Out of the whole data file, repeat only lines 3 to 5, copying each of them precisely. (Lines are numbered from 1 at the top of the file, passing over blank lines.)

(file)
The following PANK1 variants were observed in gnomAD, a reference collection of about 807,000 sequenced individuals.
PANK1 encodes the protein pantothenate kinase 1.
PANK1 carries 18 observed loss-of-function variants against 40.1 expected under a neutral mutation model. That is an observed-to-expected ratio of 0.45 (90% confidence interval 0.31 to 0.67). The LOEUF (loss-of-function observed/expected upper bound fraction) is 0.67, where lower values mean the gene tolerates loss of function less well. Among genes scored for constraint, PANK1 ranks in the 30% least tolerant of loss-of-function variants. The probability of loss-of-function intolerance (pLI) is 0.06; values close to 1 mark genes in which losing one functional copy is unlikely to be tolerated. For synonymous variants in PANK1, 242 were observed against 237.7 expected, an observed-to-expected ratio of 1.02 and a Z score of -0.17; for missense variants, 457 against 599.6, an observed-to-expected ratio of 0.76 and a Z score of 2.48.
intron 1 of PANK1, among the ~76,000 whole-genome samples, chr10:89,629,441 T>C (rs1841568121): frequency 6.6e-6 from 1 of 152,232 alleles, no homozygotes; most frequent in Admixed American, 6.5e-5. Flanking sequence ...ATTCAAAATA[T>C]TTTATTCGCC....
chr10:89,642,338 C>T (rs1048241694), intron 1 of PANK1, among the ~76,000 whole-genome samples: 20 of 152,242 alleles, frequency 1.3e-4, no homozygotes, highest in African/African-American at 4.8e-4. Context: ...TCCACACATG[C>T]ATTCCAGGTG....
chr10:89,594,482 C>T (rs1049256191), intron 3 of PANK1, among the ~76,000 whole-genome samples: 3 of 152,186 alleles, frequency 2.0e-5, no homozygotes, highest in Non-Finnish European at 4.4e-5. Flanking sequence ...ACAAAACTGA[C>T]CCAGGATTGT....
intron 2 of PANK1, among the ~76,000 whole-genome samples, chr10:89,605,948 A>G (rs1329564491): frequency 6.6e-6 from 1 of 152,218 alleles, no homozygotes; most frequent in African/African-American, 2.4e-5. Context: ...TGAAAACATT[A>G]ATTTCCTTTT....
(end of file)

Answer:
PANK1 carries 18 observed loss-of-function variants against 40.1 expected under a neutral mutation model. That is an observed-to-expected ratio of 0.45 (90% confidence interval 0.31 to 0.67). The LOEUF (loss-of-function observed/expected upper bound fraction) is 0.67, where lower values mean the gene tolerates loss of function less well. Among genes scored for constraint, PANK1 ranks in the 30% least tolerant of loss-of-function variants. The probability of loss-of-function intolerance (pLI) is 0.06; values close to 1 mark genes in which losing one functional copy is unlikely to be tolerated. For synonymous variants in PANK1, 242 were observed against 237.7 expected, an observed-to-expected ratio of 1.02 and a Z score of -0.17; for missense variants, 457 against 599.6, an observed-to-expected ratio of 0.76 and a Z score of 2.48.
intron 1 of PANK1, among the ~76,000 whole-genome samples, chr10:89,629,441 T>C (rs1841568121): frequency 6.6e-6 from 1 of 152,232 alleles, no homozygotes; most frequent in Admixed American, 6.5e-5. Flanking sequence ...ATTCAAAATA[T>C]TTTATTCGCC....
chr10:89,642,338 C>T (rs1048241694), intron 1 of PANK1, among the ~76,000 whole-genome samples: 20 of 152,242 alleles, frequency 1.3e-4, no homozygotes, highest in African/African-American at 4.8e-4. Context: ...TCCACACATG[C>T]ATTCCAGGTG....